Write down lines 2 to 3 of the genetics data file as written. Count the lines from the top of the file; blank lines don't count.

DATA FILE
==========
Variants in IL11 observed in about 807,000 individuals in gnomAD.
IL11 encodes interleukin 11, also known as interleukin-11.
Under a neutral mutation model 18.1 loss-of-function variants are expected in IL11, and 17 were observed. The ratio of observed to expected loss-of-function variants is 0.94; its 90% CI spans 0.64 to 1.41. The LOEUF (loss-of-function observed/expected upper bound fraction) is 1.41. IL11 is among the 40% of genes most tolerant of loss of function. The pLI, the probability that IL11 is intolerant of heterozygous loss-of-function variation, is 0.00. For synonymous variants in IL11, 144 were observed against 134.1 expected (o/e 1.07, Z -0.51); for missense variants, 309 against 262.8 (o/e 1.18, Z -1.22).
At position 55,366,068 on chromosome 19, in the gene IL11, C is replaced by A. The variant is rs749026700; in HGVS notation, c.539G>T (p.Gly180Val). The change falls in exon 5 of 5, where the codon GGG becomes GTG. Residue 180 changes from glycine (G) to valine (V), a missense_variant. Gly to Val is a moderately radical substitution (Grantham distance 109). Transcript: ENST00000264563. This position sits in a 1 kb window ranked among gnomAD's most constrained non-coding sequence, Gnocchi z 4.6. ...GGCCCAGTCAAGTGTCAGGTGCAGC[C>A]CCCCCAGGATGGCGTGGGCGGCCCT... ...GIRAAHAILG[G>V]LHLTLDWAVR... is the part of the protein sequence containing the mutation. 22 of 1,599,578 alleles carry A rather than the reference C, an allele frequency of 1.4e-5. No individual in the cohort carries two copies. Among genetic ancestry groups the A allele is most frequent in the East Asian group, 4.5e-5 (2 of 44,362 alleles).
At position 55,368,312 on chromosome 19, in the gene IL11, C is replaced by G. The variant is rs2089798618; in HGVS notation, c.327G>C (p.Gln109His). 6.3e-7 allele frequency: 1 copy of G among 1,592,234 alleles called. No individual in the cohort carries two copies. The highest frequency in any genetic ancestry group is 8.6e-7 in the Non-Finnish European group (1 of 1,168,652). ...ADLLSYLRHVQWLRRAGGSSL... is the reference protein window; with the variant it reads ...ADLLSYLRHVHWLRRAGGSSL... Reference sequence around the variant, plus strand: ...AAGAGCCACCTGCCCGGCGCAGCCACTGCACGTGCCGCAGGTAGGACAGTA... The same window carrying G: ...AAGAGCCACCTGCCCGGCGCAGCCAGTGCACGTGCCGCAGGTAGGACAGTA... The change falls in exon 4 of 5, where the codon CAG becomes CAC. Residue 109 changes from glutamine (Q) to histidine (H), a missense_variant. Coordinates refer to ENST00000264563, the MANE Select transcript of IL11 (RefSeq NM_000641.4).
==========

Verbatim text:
IL11 encodes interleukin 11, also known as interleukin-11.
Under a neutral mutation model 18.1 loss-of-function variants are expected in IL11, and 17 were observed. The ratio of observed to expected loss-of-function variants is 0.94; its 90% CI spans 0.64 to 1.41. The LOEUF (loss-of-function observed/expected upper bound fraction) is 1.41. IL11 is among the 40% of genes most tolerant of loss of function. The pLI, the probability that IL11 is intolerant of heterozygous loss-of-function variation, is 0.00. For synonymous variants in IL11, 144 were observed against 134.1 expected (o/e 1.07, Z -0.51); for missense variants, 309 against 262.8 (o/e 1.18, Z -1.22).